Making Camp a Hit with National Audience
When Wittenberg Communication professor Dr. Catherine Egley Waggoner returned from Chicago for the National Communication Association (NCA) Conference, she had more to think back on than the usual bouts of lectures and paper presentations. Her book, Making Camp: Rhetorics of Transgression in U.S. Popular Culture, received the Best Book Award from the Critical Studies Division and The Bonnie Ritter Award from the Women's Caucus/Feminist and Women's Studies Division of the NCA, as well as much acclaim at this year’s conference.
“It all started with an article I wrote about Mary Kay cosmetics and what the over the top femininity associated with it was doing. In communication, style often is seen as secondary to substance. But for women, style and aesthetics are important,” said Dr. Waggoner.
The book, which analyzes four different cases of campy women in popular culture including Macy Gray, Gwen Stefani, Karen Walker of Will & Grace, and Xena from Xena: Warrior Princess, was co-authored by “grad-school buddy” Helene Shugart.
“I had a lot of things going on in my life at the time and knew I couldn‘t finish it on my own, so I asked Helene to co-author it with me and she signed on!”
The article on Mary Kay eventually morphed for Dr. Waggoner into the idea to write about camp. “Anything that is ‘campy’ is a parody of itself,” said Dr. Waggoner. “Austin Powers is campy. Drag is campy. I wanted to write about this idea that, through camp, femininity is unhooked from being a natural thing and is turned into a performance. Women performing as women, or the idea of what a woman should be.”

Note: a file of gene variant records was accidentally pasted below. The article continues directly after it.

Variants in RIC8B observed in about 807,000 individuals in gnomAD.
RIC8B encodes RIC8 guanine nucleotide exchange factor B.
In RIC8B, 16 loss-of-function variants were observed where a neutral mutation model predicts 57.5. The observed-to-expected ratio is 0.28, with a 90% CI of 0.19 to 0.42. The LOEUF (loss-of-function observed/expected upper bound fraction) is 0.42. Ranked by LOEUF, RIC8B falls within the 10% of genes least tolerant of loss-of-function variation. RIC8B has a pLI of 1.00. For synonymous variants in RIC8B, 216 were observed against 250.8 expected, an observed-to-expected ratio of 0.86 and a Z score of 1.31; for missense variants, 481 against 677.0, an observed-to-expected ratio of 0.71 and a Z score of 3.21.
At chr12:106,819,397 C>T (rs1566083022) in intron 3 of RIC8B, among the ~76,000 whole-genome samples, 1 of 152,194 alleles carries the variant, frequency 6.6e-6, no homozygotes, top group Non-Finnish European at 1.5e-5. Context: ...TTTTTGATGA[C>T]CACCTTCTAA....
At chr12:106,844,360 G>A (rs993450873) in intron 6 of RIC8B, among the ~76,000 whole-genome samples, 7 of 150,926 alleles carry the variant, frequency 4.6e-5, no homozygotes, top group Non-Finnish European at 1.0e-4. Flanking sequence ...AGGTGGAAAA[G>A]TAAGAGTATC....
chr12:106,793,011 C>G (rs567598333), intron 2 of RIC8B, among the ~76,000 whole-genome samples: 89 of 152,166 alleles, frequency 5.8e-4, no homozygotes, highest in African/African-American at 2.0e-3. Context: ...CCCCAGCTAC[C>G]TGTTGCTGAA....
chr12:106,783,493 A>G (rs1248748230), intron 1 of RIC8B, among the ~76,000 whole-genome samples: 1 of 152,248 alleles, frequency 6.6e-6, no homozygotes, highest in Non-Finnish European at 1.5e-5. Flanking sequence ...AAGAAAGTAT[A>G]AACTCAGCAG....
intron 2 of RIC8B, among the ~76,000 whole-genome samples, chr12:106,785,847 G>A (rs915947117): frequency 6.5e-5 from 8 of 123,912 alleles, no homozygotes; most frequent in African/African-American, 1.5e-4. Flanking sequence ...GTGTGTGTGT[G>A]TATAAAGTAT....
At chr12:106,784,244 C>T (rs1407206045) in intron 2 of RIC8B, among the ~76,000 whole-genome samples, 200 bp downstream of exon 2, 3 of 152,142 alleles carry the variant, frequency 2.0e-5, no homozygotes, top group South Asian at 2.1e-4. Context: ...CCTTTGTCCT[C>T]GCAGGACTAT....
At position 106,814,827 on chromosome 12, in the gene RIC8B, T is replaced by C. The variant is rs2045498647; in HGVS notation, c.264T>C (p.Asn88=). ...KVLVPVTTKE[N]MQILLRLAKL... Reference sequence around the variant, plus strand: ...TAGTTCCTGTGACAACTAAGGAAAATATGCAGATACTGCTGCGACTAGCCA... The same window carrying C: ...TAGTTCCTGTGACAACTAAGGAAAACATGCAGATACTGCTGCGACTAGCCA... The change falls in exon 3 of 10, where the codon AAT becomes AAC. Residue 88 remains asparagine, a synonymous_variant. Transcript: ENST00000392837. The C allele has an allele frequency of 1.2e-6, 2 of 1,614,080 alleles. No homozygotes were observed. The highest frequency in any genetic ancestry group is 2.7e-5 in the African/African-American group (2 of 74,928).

While the book turned out to be a great success, its road to publication was an uncommon one. “Normally, you would send out proposals to publishers and, once you get the go-ahead, write the book. But we wrote it first and then shopped it around. We did things a little backwards,” said Dr. Waggoner.
And even though this “backwards” route helped the authors avoid difficult deadlines, it wasn’t without a few hardships and setbacks. “Each time we sent out another chapter of the book we received feedback from different peer reviewers. It was tough sometimes, because it’s nerve-racking to send your stuff out there knowing it’s going to be criticized. I think a lot of times students feel like we professors don’t know what it’s like to get graded on our work--believe me, we do.”
To read more about Dr. Waggoner’s achievements, check out http://www4.wittenberg.edu/news/2009/11_17.html